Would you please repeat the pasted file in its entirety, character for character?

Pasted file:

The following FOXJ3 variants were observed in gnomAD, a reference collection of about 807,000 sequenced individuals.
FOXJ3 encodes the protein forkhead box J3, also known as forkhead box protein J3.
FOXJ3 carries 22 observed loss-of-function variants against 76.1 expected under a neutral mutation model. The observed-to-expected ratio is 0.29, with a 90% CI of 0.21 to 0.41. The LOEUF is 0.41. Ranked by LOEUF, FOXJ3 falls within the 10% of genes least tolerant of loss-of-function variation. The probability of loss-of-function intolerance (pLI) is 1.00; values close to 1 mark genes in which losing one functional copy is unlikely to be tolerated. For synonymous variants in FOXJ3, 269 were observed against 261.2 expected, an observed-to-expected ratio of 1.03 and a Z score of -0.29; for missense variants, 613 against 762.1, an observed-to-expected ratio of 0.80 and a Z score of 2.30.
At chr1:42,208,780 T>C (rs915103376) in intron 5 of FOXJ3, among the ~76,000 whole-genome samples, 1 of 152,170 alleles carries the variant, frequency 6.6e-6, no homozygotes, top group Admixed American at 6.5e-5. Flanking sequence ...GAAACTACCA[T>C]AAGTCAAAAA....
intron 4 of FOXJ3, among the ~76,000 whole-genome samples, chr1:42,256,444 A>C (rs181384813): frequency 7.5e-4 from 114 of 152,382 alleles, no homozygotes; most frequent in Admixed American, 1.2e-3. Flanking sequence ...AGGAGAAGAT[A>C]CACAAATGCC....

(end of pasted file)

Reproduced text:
The following FOXJ3 variants were observed in gnomAD, a reference collection of about 807,000 sequenced individuals.
FOXJ3 encodes the protein forkhead box J3, also known as forkhead box protein J3.
FOXJ3 carries 22 observed loss-of-function variants against 76.1 expected under a neutral mutation model. The observed-to-expected ratio is 0.29, with a 90% CI of 0.21 to 0.41. The LOEUF is 0.41. Ranked by LOEUF, FOXJ3 falls within the 10% of genes least tolerant of loss-of-function variation. The probability of loss-of-function intolerance (pLI) is 1.00; values close to 1 mark genes in which losing one functional copy is unlikely to be tolerated. For synonymous variants in FOXJ3, 269 were observed against 261.2 expected, an observed-to-expected ratio of 1.03 and a Z score of -0.29; for missense variants, 613 against 762.1, an observed-to-expected ratio of 0.80 and a Z score of 2.30.
At chr1:42,208,780 T>C (rs915103376) in intron 5 of FOXJ3, among the ~76,000 whole-genome samples, 1 of 152,170 alleles carries the variant, frequency 6.6e-6, no homozygotes, top group Admixed American at 6.5e-5. Flanking sequence ...GAAACTACCA[T>C]AAGTCAAAAA....
intron 4 of FOXJ3, among the ~76,000 whole-genome samples, chr1:42,256,444 A>C (rs181384813): frequency 7.5e-4 from 114 of 152,382 alleles, no homozygotes; most frequent in Admixed American, 1.2e-3. Flanking sequence ...AGGAGAAGAT[A>C]CACAAATGCC....